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You can find a “wild man” in many Texas towns and counties, and the stories
grow in the telling. People say mothers locked their children up for protection
when they heard he was around. Dads kept their shotguns loaded and handy. No
one took any chances.

Such was the case with the “wild man” of Calhoun County. He was hairy as an
ape, they said, and fast as greased lightning. Oscar Roemer’s father once jumped
him, but his horse wasn’t fast enough to catch him. He’d been seen on blackjack
Peninsula near Austwell, Lant Gaines said. Most who saw him, saw only a quick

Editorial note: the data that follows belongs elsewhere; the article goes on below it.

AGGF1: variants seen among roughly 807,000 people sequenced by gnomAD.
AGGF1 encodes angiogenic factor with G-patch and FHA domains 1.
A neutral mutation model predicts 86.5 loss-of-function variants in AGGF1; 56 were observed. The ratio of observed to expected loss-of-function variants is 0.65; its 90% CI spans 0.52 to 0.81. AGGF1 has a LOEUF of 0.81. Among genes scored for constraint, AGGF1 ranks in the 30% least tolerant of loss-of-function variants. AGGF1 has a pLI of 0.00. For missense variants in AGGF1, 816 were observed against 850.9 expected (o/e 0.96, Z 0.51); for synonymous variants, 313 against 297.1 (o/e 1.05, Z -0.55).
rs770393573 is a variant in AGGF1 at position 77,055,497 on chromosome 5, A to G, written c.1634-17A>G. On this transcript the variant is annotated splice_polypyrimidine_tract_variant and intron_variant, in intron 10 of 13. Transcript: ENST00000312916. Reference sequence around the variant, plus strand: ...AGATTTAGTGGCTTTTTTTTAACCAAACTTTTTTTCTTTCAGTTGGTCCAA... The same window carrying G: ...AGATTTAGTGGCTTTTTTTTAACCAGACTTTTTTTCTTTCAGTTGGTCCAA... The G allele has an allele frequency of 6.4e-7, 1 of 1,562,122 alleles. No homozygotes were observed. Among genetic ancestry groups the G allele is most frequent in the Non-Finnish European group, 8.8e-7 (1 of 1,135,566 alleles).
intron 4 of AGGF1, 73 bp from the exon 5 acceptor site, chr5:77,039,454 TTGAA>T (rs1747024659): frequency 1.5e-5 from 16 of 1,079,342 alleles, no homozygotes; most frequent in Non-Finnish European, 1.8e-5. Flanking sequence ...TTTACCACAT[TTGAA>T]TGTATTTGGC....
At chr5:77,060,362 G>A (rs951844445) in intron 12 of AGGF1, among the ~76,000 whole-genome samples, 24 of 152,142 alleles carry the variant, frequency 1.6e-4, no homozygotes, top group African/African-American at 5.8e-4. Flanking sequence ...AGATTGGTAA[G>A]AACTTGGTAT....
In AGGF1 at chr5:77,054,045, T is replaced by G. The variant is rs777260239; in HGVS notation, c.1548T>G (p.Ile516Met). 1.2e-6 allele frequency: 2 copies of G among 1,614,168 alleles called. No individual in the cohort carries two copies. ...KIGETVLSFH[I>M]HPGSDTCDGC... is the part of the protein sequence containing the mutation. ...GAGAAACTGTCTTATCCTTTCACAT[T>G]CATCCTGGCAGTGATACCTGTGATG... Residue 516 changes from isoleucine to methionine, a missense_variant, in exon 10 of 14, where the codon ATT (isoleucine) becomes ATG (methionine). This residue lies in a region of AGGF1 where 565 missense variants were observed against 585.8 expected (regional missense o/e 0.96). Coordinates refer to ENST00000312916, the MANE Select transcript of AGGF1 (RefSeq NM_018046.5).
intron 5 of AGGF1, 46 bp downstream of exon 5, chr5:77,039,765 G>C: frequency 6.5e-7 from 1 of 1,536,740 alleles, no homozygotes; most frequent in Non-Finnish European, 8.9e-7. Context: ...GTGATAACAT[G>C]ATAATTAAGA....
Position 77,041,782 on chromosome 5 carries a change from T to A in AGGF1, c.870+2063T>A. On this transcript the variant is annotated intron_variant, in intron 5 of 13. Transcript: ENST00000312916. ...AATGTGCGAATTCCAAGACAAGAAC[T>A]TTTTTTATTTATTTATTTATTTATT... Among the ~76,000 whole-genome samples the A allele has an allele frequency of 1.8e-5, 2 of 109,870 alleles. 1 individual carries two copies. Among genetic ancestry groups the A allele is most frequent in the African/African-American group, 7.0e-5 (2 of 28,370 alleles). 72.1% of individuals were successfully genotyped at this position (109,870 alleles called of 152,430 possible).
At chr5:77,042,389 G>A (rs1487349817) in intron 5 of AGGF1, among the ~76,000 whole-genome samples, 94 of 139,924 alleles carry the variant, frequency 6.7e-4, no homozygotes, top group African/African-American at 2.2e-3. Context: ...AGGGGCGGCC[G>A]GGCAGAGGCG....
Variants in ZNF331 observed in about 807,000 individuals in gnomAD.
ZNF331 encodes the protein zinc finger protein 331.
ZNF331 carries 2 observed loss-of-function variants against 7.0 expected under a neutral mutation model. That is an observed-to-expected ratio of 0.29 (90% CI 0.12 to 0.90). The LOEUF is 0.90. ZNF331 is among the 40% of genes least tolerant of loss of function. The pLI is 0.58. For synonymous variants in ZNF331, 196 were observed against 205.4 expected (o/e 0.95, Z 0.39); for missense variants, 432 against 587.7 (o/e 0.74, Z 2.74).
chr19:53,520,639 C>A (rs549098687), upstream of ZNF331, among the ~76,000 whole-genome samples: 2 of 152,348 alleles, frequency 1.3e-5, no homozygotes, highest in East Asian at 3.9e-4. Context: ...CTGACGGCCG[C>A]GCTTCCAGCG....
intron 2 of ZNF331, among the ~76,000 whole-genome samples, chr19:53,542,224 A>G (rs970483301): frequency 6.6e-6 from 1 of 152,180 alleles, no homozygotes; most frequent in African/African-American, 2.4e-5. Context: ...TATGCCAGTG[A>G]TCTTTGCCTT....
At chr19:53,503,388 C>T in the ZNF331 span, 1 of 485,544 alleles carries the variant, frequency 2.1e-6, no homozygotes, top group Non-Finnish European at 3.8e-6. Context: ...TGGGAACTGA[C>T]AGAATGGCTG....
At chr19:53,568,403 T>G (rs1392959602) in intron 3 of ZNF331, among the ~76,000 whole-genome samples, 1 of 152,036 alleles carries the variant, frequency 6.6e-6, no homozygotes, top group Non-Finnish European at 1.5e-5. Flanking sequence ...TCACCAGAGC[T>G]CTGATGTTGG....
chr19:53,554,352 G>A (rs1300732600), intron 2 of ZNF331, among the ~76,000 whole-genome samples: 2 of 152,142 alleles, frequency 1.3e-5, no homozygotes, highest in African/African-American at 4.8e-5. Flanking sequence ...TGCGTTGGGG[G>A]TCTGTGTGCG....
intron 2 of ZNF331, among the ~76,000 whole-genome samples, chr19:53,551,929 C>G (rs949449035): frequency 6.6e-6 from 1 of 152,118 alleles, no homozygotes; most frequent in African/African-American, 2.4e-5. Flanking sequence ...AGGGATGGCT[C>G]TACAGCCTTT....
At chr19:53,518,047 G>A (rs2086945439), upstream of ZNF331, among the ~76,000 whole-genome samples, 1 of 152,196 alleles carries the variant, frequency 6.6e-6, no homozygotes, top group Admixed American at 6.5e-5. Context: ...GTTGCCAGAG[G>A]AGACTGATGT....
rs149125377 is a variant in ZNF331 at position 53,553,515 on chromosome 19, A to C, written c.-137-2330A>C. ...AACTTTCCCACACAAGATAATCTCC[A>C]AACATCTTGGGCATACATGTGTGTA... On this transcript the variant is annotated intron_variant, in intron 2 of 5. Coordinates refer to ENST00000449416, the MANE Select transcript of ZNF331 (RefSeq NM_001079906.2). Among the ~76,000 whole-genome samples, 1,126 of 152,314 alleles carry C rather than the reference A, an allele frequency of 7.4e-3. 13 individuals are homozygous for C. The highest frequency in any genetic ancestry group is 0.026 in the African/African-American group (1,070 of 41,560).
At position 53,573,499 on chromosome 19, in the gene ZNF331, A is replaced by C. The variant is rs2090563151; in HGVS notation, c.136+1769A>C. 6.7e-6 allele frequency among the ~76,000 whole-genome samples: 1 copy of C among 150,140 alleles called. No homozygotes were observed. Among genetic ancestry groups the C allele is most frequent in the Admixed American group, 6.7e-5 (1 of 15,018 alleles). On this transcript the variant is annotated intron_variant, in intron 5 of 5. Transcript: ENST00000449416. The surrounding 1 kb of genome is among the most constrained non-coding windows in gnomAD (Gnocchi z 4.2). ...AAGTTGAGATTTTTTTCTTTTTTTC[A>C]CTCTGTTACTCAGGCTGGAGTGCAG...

blur of movement, but many saw the large footprints he left.

It was said he’d take fish from the fishermen. Stingray—that was his favorite.

Mae Roemer said one of her brothers roped him around 1910. They brought him
into the jail at Port Lavaca, but then what happened to him was a mystery. He
wouldn’t eat or drink; he just faded away, starved to death, presumably. People
said he must have been sick when he was caught or that Roemer boy wouldn’t
have caught him in the first place.

These days, so much more is known about depression, anxiety disorders, mental
illness, and mental health. Kind of makes you wonder what a psychologist could
learn from interviewing a Texas “wild man.”
Wolff, Henry, Jr. “Calhoun’s Wild Man,” The Victoria Advocate, July 6, 1990, p. 2A. (Reprinted
from March 27, 1980.)
© Institute of Texan Cultures, 2001